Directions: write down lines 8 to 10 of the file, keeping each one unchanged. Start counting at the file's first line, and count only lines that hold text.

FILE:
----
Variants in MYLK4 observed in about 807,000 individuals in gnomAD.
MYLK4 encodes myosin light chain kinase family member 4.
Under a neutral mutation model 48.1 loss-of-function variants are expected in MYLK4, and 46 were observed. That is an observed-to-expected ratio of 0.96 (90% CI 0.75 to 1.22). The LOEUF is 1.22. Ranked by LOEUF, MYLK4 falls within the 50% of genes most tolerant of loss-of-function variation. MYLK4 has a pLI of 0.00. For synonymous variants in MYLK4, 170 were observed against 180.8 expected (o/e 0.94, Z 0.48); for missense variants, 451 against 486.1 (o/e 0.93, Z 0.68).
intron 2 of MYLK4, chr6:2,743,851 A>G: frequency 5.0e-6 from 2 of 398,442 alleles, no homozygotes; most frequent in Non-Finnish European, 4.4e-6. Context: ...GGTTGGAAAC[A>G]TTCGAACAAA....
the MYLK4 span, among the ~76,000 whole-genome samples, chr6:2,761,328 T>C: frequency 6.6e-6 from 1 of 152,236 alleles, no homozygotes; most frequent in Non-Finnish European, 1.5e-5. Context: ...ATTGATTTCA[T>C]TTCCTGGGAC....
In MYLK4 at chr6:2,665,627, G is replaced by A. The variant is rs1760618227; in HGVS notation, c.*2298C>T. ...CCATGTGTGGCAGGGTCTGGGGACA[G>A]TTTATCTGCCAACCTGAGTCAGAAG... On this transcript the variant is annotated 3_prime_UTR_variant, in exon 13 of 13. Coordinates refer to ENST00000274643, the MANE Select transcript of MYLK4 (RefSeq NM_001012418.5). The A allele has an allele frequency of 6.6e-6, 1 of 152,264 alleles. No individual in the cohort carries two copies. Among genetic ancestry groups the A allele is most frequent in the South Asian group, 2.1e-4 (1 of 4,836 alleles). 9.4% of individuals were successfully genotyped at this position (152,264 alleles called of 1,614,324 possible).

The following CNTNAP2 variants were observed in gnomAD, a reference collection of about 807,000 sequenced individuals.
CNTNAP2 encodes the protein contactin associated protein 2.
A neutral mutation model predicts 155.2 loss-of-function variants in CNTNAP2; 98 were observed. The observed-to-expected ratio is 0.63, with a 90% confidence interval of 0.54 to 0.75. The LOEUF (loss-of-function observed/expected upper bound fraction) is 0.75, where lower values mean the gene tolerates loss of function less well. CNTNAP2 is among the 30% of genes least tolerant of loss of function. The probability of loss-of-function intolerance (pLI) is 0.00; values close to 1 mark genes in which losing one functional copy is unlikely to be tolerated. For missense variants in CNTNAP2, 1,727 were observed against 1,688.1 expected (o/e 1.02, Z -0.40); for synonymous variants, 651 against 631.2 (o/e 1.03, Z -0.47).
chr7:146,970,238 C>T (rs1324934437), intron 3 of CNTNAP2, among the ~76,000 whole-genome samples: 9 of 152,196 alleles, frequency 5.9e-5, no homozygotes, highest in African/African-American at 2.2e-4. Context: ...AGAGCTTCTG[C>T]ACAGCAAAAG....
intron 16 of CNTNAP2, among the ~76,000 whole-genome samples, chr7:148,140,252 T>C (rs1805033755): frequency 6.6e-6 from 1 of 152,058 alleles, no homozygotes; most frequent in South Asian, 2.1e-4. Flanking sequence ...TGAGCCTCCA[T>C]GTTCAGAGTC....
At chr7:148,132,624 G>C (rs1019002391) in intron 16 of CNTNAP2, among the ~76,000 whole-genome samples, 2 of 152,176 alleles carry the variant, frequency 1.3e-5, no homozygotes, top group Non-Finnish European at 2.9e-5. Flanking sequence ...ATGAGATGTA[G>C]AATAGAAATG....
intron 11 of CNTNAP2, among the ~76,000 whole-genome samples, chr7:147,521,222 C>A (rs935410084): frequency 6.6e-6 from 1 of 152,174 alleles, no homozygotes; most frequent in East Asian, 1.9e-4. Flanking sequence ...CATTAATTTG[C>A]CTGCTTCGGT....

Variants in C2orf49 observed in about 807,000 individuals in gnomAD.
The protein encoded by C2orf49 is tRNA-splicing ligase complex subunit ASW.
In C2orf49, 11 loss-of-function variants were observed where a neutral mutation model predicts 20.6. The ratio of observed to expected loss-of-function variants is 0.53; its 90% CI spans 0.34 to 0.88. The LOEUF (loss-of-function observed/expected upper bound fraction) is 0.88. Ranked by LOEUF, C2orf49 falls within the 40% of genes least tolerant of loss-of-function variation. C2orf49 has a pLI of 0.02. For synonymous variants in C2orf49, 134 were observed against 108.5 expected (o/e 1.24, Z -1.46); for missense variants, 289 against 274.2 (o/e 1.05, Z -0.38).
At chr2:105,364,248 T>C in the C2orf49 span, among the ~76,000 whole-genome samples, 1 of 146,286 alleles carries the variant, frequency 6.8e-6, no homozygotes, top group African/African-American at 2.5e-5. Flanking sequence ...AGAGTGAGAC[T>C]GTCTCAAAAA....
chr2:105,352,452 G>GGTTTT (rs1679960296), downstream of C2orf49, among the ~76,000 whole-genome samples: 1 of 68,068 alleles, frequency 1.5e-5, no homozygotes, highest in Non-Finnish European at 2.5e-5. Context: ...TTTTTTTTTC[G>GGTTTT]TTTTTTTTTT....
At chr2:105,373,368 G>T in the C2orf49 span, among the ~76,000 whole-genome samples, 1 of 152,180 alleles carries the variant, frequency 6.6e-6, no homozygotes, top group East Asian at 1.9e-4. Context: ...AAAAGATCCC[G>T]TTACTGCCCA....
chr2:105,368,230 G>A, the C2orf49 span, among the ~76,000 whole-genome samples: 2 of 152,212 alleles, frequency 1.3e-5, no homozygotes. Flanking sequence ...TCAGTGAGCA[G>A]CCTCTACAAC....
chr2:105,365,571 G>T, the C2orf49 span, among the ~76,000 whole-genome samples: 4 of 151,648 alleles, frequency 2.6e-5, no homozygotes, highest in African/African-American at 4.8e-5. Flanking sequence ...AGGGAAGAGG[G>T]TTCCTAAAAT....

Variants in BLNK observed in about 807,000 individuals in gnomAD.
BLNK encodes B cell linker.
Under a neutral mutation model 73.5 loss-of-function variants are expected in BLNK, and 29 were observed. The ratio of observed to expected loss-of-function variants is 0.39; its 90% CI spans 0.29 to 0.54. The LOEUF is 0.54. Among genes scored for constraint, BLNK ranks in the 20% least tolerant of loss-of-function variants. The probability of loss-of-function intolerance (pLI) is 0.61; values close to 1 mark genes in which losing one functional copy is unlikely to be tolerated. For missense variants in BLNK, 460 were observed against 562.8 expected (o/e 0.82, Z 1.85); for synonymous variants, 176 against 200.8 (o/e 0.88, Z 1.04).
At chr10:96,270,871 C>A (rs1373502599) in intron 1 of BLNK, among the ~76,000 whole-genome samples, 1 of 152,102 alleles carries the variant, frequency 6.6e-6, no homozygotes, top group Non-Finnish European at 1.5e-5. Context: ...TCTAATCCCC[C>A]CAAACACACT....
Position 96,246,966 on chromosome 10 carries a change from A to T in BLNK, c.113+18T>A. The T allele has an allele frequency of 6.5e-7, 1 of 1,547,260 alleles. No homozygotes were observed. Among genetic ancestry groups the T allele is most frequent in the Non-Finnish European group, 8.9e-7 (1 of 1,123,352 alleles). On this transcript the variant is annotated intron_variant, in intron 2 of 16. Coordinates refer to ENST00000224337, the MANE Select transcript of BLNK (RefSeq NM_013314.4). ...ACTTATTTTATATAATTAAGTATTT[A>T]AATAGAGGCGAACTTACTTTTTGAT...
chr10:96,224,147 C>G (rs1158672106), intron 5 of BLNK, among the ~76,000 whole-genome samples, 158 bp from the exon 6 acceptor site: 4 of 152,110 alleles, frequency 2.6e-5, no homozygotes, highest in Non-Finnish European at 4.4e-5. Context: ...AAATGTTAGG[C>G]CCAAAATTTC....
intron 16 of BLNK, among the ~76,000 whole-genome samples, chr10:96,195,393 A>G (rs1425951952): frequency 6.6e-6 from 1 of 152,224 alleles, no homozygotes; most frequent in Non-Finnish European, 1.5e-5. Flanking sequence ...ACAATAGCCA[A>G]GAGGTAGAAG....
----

CNTNAP2 encodes the protein contactin associated protein 2.
A neutral mutation model predicts 155.2 loss-of-function variants in CNTNAP2; 98 were observed. The observed-to-expected ratio is 0.63, with a 90% confidence interval of 0.54 to 0.75. The LOEUF (loss-of-function observed/expected upper bound fraction) is 0.75, where lower values mean the gene tolerates loss of function less well. CNTNAP2 is among the 30% of genes least tolerant of loss of function. The probability of loss-of-function intolerance (pLI) is 0.00; values close to 1 mark genes in which losing one functional copy is unlikely to be tolerated. For missense variants in CNTNAP2, 1,727 were observed against 1,688.1 expected (o/e 1.02, Z -0.40); for synonymous variants, 651 against 631.2 (o/e 1.03, Z -0.47).
chr7:146,970,238 C>T (rs1324934437), intron 3 of CNTNAP2, among the ~76,000 whole-genome samples: 9 of 152,196 alleles, frequency 5.9e-5, no homozygotes, highest in African/African-American at 2.2e-4. Context: ...AGAGCTTCTG[C>T]ACAGCAAAAG....